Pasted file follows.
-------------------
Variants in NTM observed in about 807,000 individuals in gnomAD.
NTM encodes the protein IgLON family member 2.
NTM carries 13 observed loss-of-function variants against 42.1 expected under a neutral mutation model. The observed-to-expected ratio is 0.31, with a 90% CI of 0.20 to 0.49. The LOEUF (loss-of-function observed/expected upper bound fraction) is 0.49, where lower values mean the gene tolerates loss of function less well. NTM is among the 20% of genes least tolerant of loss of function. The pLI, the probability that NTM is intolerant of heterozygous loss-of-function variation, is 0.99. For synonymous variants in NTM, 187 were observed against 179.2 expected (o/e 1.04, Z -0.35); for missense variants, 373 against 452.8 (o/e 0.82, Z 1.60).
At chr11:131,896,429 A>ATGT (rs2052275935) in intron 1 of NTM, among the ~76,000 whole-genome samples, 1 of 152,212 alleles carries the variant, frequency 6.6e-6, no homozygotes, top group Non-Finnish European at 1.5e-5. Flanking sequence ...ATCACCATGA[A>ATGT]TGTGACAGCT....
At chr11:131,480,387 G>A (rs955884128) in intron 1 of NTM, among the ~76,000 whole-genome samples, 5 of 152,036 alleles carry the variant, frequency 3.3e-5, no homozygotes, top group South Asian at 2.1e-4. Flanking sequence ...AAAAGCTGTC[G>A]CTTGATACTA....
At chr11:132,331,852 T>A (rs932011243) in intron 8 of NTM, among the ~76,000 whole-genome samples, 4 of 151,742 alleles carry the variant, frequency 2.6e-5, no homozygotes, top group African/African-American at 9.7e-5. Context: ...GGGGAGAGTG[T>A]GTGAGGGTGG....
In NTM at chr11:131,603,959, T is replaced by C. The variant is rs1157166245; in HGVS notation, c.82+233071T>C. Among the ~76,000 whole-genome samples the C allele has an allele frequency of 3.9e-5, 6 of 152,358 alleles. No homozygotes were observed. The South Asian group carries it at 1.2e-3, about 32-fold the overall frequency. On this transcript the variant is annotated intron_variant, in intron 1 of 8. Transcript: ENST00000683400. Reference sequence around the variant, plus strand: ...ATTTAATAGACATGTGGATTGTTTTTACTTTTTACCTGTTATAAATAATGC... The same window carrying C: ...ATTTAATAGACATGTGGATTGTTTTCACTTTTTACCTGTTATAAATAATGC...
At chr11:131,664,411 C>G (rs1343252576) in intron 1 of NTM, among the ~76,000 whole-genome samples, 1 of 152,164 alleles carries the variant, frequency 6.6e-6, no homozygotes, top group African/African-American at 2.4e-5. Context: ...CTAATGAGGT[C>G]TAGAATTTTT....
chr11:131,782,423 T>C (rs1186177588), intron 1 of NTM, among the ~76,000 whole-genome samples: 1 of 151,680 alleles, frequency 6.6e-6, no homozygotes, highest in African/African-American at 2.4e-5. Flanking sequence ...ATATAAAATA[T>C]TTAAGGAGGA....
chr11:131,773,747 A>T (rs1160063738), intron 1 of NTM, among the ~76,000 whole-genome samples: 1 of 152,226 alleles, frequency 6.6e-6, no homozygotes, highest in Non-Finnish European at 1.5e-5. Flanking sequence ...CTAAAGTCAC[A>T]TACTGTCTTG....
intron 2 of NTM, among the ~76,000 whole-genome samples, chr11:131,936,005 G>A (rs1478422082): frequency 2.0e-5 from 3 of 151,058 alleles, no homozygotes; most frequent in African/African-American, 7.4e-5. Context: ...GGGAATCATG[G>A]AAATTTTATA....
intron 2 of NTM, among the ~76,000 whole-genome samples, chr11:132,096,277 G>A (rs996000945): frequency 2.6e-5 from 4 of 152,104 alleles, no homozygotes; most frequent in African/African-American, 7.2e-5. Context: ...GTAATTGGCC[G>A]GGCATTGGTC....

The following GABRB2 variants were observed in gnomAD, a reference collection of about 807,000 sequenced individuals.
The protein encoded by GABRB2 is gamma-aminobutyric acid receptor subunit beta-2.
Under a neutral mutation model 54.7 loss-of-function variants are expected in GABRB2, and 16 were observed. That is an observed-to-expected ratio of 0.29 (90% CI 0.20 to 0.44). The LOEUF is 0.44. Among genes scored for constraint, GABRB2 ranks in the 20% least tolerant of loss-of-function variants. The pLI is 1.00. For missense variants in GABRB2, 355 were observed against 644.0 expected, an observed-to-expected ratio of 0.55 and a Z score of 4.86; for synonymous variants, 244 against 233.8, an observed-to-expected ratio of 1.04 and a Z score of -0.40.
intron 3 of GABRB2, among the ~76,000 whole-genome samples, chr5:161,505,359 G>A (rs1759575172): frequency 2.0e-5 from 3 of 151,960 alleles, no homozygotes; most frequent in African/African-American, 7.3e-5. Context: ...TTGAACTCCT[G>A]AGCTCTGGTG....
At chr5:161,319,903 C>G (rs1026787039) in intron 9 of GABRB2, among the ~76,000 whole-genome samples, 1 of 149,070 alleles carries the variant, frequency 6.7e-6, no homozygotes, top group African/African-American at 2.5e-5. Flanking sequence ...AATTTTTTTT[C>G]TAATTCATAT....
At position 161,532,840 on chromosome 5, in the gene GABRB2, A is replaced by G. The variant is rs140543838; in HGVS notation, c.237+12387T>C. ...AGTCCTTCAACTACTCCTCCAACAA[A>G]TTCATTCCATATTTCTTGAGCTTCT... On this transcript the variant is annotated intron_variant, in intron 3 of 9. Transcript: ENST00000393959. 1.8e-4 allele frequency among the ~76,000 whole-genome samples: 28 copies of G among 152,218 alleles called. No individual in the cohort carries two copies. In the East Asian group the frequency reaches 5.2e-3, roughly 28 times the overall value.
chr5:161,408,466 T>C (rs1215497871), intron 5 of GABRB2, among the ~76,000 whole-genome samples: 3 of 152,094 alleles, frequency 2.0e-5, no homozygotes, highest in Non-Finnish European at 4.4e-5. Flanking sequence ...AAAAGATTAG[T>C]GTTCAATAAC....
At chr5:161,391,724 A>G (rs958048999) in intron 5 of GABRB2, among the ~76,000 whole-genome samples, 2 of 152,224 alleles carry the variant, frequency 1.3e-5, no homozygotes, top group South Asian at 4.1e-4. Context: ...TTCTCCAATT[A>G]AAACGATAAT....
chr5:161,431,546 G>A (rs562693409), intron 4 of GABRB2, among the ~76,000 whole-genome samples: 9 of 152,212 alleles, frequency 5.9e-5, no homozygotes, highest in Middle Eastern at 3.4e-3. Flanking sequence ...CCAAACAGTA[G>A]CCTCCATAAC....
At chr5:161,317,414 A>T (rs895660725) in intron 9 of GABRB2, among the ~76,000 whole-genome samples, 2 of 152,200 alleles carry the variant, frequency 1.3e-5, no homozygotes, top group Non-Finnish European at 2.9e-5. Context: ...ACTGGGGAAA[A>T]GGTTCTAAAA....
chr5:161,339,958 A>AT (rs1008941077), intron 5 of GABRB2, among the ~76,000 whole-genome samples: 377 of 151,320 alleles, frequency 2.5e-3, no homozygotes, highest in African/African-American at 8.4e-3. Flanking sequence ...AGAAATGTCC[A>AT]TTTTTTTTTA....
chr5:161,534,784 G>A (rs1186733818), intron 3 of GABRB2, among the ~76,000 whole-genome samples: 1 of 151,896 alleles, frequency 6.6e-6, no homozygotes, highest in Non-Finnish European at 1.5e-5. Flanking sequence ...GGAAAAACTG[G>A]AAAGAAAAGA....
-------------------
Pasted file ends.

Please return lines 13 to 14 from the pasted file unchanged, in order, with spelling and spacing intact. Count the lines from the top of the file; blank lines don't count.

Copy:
The following GABRB2 variants were observed in gnomAD, a reference collection of about 807,000 sequenced individuals.
The protein encoded by GABRB2 is gamma-aminobutyric acid receptor subunit beta-2.